Well, I didn’t do this to prove anything to anyone, and now more than ever, I am confident that I don’t have anything to prove.

But I just have to say for myself, that I am a force to be reckoned with. I am strong and powerful, and there is nothing weak about me.

There is nothing ‘weak’ about women. We are not the weaker sex, or the lesser sex.

We are capable, with God, of building and bringing forth new life, and then sustaining that life even after birth.

I had an amazing team of people who helped me as I brought my son into this world. But I brought him into this world.

The senior midwife said to me as I pushed, “It’s time to bring your baby. Only you can bring your baby.”

Well, she was wise. And she was right.

Praise God from whom all blessings flow!


Natural childbirth and motherhood are the hardest things I've ever done, but my son is so worth it. He is awesome and it is such an incredible blessing getting to be a part of his life all day every day. I get to watch him and smile with pride, because I made him. He was born from love, and he is such an incredibly loving little guy. He has such a sweet disposition. 

Cayson, if you read this one day, then you should know that you are amazing, and I'm so stoked that I get to be your mom, even when you're teething and won't sleep through the night.

Happy Birthday, little man!

You’re like a party somebody threw me
You taste like birthday
You look like New Years
You’re like a big parade through town...
You leave such a mess, but you’re so fun!
— The Party by Regina Spektor

Cheers,
LesLeigh J.

Leave What's Heavy Behind...

I wanted to dig a little deeper today and share some pretty personal struggles that my little family and I have been going through for the last two years.

This September, my husband and I will celebrate two years of marriage, and three and a half years of being in a relationship altogether. We're still madly in love and choosing love everyday, but it has been far from easy in our two short years of marriage.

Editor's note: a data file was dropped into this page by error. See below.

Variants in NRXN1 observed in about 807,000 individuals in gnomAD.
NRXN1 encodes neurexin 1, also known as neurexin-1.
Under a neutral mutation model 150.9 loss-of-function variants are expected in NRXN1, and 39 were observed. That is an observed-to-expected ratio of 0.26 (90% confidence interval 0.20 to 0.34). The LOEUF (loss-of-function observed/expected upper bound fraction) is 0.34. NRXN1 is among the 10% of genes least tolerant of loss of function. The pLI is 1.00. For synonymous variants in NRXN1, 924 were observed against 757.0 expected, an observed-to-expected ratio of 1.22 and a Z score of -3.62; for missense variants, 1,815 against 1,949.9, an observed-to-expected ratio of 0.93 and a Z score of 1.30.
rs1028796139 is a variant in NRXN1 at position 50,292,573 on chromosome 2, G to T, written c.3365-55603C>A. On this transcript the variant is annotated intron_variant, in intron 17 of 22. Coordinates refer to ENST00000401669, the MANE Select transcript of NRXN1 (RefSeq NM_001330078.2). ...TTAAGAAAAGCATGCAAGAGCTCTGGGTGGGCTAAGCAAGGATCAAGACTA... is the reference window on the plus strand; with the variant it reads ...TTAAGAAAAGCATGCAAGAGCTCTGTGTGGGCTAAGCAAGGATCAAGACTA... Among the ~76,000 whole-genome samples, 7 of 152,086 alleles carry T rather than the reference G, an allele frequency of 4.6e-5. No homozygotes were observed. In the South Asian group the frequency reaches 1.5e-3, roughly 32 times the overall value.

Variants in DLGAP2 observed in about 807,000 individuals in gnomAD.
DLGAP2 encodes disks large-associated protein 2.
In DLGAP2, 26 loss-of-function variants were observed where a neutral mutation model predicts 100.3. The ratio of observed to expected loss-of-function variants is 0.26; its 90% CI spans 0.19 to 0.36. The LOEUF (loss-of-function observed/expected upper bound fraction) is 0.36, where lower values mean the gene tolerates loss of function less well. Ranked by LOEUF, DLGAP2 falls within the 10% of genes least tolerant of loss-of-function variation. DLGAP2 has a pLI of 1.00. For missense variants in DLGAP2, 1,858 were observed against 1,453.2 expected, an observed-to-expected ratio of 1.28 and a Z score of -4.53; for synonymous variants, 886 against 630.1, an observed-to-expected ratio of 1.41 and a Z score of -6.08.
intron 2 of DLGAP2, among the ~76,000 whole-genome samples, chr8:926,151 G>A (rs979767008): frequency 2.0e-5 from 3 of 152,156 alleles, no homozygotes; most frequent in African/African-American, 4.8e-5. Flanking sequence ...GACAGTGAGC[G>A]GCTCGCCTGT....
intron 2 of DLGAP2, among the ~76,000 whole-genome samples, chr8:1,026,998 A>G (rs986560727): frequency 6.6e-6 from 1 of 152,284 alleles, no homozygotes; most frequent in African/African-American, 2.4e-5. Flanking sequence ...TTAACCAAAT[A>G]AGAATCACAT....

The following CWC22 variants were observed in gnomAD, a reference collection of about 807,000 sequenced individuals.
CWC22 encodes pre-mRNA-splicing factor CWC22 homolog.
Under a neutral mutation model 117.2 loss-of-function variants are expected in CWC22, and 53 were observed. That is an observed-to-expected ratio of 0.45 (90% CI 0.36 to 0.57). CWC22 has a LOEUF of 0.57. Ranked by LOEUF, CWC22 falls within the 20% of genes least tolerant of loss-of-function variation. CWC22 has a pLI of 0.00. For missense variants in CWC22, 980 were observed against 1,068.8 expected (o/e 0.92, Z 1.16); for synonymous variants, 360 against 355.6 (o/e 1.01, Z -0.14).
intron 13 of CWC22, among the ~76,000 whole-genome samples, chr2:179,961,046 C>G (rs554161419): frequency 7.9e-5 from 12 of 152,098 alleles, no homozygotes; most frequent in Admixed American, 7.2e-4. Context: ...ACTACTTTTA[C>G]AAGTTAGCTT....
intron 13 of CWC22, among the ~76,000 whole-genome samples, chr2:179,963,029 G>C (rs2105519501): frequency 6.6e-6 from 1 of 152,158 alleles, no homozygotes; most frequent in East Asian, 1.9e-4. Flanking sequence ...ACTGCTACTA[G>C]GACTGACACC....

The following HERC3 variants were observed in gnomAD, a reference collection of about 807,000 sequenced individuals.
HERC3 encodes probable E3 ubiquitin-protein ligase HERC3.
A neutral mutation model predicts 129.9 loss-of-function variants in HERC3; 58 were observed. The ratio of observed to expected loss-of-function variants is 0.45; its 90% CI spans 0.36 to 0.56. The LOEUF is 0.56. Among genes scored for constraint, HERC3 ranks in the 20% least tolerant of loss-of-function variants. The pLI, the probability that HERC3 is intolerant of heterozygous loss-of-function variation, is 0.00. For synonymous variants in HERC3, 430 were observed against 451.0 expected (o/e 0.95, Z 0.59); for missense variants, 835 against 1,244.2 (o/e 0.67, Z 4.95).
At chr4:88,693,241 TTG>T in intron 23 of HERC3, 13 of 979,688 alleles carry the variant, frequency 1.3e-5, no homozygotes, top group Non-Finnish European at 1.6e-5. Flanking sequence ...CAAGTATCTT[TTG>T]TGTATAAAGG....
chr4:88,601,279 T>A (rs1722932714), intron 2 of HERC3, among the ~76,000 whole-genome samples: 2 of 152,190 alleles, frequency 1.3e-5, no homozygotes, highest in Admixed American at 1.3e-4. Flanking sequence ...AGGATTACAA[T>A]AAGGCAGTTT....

I'll give you a brief little backstory. We both lived in Dallas before we got married, then about two months before our wedding, my husband moved to OKC for a job. After that, we got married in September of 2015, and I joined him in OKC. About three weeks after that, we found out that we were, very unexpectedly, pregnant.

Now, I am not someone who likes a lot of life change, and especially not in large doses. I absolutely adore my son, but finding out that I was pregnant with him was absolutely terrifying. I like to plan things, plan my life, and when things happen that I don't plan for, I meltdown for a little bit. My son was unplanned for, and I didn't know how to cope with it at first.

But that's not this story. This story is about how to deal when you live your life between a rock and a hard place. 

LJ The Inspired Life-Lost and Lonely

Living in Oklahoma was incredibly difficult for us. You wouldn't think so, but there is a big difference in culture between Oklahoma and Dallas. Yes, I know I'm comparing an entire state to just one Texas city, but take any major city in Texas and the comparison will still apply. 

We had culture shock. We were in a new place, with no family or friends in the state. My husband was at a new job, and I couldn't find a job. We were newly married and newly moved and, come to find out, newly pregnant. It was all so much... NEW. It was terrifying and the most stressful thing that I've ever been through, and unless you've been in similar circumstances, you can't really relate. Believe me, I've had people try, and they just don't get the magnitude of the situation.